I had a fair-sized team with a high turnover rate, so rather than do any actual marketing (as per my job title), I spent most of my time interviewing.
Here’s some thoughts, from the other side of the table:
- Show up five minutes early. More makes you incapable of managing your time, and is intrusive on my day. Late is not acceptable. Arriving exactly on-time is considered late. Remember to allow time for the lift, the wee, the calming breaths…
- It’s better to show up in a suit in a room full of jeans, than in jeans in a room full of suits. Air on the side of caution.
- If you are collected from the reception area and walked to the room by your interviewer, make small talk, do NOT walk in silence. The office location, the weather, anything…
- Be nice to the doorman, the receptionist, everyone, you never know who they are and who they might speak to.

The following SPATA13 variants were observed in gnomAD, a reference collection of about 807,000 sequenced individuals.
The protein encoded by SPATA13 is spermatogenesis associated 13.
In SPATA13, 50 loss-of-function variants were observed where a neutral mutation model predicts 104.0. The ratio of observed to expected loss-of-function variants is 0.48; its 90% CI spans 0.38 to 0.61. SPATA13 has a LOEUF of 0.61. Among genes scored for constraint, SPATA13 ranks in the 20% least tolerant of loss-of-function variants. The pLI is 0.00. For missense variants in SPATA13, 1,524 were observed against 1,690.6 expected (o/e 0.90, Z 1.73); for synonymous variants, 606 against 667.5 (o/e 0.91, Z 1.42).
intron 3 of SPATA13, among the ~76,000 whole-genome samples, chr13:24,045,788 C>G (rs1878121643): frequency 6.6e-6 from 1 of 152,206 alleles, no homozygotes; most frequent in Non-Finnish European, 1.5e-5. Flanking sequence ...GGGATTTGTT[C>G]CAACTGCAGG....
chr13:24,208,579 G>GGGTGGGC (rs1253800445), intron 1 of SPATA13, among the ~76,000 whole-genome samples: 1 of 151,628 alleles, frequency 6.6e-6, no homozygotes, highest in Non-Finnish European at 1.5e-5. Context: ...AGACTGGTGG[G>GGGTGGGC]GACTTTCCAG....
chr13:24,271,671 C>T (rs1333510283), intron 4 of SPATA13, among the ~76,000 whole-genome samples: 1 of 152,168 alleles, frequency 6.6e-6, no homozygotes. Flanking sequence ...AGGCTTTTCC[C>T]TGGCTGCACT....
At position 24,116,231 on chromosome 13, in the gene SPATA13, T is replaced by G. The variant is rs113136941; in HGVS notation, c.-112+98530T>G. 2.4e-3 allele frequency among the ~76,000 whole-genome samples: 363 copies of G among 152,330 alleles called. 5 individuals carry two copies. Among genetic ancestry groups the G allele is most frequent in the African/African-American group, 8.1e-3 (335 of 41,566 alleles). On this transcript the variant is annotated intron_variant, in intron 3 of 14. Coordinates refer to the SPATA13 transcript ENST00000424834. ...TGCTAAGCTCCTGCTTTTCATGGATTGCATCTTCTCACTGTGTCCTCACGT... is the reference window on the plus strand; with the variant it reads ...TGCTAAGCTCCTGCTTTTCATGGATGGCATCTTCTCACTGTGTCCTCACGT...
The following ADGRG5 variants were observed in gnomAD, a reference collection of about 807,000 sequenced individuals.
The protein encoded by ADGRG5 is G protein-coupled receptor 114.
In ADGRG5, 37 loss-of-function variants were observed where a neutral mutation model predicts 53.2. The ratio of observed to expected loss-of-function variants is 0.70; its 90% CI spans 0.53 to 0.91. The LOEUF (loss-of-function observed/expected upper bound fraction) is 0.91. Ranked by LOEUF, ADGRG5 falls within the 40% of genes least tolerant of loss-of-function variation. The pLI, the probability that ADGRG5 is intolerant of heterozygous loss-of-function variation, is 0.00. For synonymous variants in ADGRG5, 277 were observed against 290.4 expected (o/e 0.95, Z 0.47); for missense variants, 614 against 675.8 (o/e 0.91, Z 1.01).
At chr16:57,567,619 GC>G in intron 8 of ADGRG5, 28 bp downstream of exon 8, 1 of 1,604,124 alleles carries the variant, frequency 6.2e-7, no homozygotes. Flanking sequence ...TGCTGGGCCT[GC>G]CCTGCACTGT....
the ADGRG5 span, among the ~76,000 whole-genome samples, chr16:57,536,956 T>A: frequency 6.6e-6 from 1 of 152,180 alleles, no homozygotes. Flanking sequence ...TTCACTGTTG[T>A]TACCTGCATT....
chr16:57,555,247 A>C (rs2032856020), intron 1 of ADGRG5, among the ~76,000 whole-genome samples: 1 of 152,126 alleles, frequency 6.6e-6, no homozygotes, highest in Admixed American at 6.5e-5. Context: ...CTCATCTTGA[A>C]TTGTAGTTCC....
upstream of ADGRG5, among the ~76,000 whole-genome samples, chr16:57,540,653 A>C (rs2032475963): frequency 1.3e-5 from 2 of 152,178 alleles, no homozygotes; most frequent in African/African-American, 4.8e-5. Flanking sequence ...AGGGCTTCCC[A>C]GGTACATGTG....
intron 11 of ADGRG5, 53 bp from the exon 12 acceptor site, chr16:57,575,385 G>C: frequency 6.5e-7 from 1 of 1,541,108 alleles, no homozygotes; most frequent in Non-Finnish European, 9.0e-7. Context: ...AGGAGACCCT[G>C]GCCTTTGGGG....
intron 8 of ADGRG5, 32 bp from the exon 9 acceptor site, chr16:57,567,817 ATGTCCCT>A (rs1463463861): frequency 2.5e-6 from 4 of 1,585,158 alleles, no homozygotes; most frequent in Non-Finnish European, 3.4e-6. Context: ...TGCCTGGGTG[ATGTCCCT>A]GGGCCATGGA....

- If you’re nervous, it’s OK to say that. It actually has a remarkable effect of calming you down. I interviewed a young guy who was so nervous, he was shaking and had a clammy hand (more on that later). So I acknowledged that he was nervous and that I wasn’t a monster, and I made us both a cuppa. I got him to chat about his journey in and we naturally flowed into the interview. He ended up being one of the best in my team.
- Handshake, god, please get it right. Dry, firm, brief. Don’t be clammy, don’t wipe it on your trouser leg, don’t do a Stone Cold Steve Austin bone crusher, don’t do it for longer than one second, because then we’re just holding hands and I’m not best pleased.
- Background and experience are important, I’m not about to hire a doctor to be a plumber, but if you are friendly and likeable and well, normal, I’m going to hire you over the slightly-creepy-vibe-giving or dull-as-dish-water guy every time, even if his CV is that bit more relevant than yours.
- Ask about the culture, the team, the socials, what your day-to-day would be (job descriptions are generally bollocks). You might just need a job, but try and get one you actually like.
Good luck x